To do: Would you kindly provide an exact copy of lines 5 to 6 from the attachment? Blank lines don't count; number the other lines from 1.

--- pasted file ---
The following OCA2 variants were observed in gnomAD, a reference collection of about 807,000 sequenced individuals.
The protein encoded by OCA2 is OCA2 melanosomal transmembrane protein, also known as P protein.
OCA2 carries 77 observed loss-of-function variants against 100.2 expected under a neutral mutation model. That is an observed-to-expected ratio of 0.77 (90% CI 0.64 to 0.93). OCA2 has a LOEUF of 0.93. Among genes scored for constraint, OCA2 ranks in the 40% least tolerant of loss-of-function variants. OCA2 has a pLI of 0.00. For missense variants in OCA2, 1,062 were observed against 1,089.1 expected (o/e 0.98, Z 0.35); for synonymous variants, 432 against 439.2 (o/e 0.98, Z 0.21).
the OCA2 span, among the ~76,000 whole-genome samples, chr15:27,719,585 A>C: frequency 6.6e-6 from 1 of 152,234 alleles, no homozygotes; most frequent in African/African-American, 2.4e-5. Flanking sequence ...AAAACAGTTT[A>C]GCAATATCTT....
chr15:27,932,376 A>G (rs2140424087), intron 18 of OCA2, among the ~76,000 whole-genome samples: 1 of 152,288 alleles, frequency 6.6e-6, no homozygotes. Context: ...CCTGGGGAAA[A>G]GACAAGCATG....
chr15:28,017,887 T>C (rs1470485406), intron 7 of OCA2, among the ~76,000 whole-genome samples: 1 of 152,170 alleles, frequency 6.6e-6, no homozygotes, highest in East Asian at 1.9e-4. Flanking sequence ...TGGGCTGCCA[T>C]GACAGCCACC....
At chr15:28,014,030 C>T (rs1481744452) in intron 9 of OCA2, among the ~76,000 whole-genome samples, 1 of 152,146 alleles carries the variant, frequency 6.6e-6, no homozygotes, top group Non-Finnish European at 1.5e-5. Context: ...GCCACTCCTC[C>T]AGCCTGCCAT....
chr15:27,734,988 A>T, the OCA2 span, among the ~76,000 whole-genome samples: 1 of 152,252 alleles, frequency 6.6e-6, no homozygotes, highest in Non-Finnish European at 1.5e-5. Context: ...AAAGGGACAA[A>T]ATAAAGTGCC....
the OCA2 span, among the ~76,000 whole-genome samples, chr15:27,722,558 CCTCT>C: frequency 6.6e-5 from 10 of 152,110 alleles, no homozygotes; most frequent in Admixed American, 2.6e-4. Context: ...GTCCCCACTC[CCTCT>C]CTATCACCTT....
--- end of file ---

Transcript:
chr15:27,932,376 A>G (rs2140424087), intron 18 of OCA2, among the ~76,000 whole-genome samples: 1 of 152,288 alleles, frequency 6.6e-6, no homozygotes. Context: ...CCTGGGGAAA[A>G]GACAAGCATG....
chr15:28,017,887 T>C (rs1470485406), intron 7 of OCA2, among the ~76,000 whole-genome samples: 1 of 152,170 alleles, frequency 6.6e-6, no homozygotes, highest in East Asian at 1.9e-4. Flanking sequence ...TGGGCTGCCA[T>C]GACAGCCACC....